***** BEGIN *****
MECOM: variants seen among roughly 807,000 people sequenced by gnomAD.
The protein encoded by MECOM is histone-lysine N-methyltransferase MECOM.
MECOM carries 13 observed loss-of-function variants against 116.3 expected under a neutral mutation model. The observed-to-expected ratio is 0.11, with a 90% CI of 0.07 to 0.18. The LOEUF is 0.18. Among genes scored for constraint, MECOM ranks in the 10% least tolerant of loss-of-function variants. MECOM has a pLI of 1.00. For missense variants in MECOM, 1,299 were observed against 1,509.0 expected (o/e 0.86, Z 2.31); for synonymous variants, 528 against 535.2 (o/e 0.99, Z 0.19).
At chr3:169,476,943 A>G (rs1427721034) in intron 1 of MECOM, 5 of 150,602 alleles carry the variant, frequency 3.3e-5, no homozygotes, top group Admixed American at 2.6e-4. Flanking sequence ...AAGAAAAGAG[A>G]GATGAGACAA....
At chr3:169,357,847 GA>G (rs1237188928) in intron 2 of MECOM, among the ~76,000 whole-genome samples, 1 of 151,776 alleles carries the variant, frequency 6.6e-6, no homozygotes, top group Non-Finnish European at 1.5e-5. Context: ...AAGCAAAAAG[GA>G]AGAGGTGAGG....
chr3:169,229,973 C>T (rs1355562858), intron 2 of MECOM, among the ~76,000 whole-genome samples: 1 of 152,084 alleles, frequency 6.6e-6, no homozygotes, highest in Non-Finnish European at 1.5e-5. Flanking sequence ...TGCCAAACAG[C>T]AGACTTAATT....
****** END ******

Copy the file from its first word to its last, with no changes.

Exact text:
MECOM: variants seen among roughly 807,000 people sequenced by gnomAD.
The protein encoded by MECOM is histone-lysine N-methyltransferase MECOM.
MECOM carries 13 observed loss-of-function variants against 116.3 expected under a neutral mutation model. The observed-to-expected ratio is 0.11, with a 90% CI of 0.07 to 0.18. The LOEUF is 0.18. Among genes scored for constraint, MECOM ranks in the 10% least tolerant of loss-of-function variants. MECOM has a pLI of 1.00. For missense variants in MECOM, 1,299 were observed against 1,509.0 expected (o/e 0.86, Z 2.31); for synonymous variants, 528 against 535.2 (o/e 0.99, Z 0.19).
At chr3:169,476,943 A>G (rs1427721034) in intron 1 of MECOM, 5 of 150,602 alleles carry the variant, frequency 3.3e-5, no homozygotes, top group Admixed American at 2.6e-4. Flanking sequence ...AAGAAAAGAG[A>G]GATGAGACAA....
At chr3:169,357,847 GA>G (rs1237188928) in intron 2 of MECOM, among the ~76,000 whole-genome samples, 1 of 151,776 alleles carries the variant, frequency 6.6e-6, no homozygotes, top group Non-Finnish European at 1.5e-5. Context: ...AAGCAAAAAG[GA>G]AGAGGTGAGG....
chr3:169,229,973 C>T (rs1355562858), intron 2 of MECOM, among the ~76,000 whole-genome samples: 1 of 152,084 alleles, frequency 6.6e-6, no homozygotes, highest in Non-Finnish European at 1.5e-5. Flanking sequence ...TGCCAAACAG[C>T]AGACTTAATT....